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I know cyclic groups of the same order are always isomorphic, but as far as I'm aware finite abelian groups aren't necessarily cyclic. So is this statement true or false, and why?

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    $\begingroup$ The statement is false, for example $C_2$ x$\ C_2$, the Klein-four-group is not isomorphic to $C_4$. $\endgroup$ – Peter Apr 21 '16 at 18:39
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    $\begingroup$ The statement is true iff the order is square free. $\endgroup$ – Arthur Apr 21 '16 at 18:42
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This is not true at all. Simply compare $\Bbb{Z}_2 \times \Bbb{Z}_2$, a non-cyclic group, to $\Bbb{Z}_4$, a cyclic group to see a counterexample.

If you are interested in the structure of finite abelian groups, though, the Fundamental Theorem of Abelian Groups might interest you. Basically, it says that all abelian groups are the direct product of cyclic groups. This means that how the group is structured relies on how the group splits the prime powers up, so if $4$ is split up into $2$ and $2$ like in $\Bbb{Z}_2 \times \Bbb{Z}_2$, then it will be different than if it is just kept as $4$ like in $\Bbb{Z}_4$.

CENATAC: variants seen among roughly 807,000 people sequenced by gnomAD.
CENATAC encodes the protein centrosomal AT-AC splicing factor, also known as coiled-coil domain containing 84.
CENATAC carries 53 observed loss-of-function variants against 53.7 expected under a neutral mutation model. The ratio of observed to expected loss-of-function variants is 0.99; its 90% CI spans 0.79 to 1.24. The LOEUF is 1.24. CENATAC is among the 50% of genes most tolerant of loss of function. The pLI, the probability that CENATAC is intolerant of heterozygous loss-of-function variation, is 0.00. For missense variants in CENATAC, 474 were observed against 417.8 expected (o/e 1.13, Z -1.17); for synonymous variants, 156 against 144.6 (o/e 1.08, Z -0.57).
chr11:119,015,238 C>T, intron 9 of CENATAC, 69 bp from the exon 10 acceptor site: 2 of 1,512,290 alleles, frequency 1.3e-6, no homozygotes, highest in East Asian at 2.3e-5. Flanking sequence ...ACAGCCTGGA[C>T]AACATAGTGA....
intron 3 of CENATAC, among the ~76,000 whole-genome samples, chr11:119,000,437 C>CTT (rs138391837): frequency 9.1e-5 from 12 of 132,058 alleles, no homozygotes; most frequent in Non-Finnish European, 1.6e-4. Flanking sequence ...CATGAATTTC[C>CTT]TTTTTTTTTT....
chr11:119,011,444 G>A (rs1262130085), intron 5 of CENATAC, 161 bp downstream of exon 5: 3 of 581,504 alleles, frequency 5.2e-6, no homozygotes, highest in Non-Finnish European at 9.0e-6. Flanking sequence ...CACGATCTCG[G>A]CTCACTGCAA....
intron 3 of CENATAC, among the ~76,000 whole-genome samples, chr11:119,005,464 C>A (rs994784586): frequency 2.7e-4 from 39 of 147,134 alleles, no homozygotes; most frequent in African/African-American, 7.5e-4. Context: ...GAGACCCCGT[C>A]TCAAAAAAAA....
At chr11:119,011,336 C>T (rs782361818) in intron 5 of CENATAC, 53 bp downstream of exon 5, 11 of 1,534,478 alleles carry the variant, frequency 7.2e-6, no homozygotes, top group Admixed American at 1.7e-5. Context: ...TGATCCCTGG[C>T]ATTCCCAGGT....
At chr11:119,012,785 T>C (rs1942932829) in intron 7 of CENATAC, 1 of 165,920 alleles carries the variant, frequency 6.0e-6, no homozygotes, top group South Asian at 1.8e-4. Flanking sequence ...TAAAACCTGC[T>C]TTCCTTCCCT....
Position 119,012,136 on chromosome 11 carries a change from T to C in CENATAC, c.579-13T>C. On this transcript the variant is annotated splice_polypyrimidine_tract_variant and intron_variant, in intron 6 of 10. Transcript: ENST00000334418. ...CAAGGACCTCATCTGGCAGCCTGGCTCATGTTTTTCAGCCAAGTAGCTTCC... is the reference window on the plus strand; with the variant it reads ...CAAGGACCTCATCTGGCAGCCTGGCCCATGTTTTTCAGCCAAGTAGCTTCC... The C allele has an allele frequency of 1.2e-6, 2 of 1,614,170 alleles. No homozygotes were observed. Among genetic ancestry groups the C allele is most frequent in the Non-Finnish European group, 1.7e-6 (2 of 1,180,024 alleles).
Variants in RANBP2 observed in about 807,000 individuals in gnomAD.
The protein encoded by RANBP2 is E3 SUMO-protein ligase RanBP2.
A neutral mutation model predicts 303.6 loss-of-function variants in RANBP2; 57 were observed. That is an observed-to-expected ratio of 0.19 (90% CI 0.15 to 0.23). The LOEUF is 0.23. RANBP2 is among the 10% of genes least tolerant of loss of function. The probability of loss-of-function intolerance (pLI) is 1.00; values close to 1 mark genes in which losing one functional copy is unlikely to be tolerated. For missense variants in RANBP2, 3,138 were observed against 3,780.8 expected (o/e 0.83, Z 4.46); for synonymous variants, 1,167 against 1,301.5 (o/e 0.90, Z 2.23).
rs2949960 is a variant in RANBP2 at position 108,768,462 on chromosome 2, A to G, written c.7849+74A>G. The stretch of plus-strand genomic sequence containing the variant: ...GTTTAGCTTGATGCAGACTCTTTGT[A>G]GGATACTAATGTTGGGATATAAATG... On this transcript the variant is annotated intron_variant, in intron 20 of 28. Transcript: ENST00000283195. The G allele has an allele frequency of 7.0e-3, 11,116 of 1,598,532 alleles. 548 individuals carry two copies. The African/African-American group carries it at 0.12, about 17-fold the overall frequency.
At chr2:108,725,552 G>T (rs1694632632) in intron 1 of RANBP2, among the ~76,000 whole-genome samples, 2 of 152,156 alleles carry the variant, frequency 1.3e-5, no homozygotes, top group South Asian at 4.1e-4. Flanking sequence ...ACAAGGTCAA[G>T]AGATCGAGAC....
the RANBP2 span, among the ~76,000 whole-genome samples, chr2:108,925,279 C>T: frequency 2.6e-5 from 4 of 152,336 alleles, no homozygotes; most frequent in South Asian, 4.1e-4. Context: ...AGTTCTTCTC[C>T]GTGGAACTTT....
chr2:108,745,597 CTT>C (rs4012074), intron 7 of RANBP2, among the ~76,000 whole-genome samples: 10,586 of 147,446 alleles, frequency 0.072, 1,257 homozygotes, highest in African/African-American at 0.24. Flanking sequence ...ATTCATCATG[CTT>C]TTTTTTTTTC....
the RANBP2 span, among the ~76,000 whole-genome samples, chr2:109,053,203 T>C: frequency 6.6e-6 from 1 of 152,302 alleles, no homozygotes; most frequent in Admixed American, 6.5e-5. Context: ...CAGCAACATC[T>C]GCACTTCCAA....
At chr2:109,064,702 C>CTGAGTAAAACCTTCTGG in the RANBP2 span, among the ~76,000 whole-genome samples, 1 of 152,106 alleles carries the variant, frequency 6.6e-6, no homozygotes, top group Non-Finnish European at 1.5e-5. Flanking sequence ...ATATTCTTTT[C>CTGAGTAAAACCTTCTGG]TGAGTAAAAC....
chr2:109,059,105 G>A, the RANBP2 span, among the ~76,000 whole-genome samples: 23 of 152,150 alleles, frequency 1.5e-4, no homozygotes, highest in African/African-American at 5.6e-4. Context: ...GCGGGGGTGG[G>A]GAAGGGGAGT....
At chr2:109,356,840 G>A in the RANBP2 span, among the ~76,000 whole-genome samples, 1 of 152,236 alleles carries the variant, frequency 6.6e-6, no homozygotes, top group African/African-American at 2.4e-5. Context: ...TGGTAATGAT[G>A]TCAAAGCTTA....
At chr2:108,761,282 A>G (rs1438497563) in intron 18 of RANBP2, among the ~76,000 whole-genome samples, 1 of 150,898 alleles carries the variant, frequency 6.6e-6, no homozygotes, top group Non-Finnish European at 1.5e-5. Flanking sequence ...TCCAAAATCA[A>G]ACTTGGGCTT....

However, if all of the primes in the prime factorization of the order are to the power of one like in $30=2 \cdot 3 \cdot 5$, then the group has to split into cyclic groups of those primes like $\Bbb{Z}_2 \times \Bbb{Z}_3 \times \Bbb{Z}_5$, so all groups of order $30$ are isomorphic. The same goes for $21=3*7$ or $35=7*5$. Numbers that are product of distinct primes like this are called square-free because they have no perfect squares as divisors.

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There are already two different abelian groups of order $4$, namely the cyclic group $C_4$, and the non-cyclic group $C_2\times C_2$. So it is not true. In fact, it gets much worse for bigger (squarefree) group orders: if $n=\prod_{i=1}^rp_i^{k_i}$, then the number of distinct abelian groups of order $n$ is given by $$ \prod_{i=1}^rp(k_i), $$ where $p(k)$ denotes the number of partitions of $k$. So, for example, there are $1$ million different abelian groups of order $49,659,789,817,537,838,957,341,175,342,490,000$, see here.

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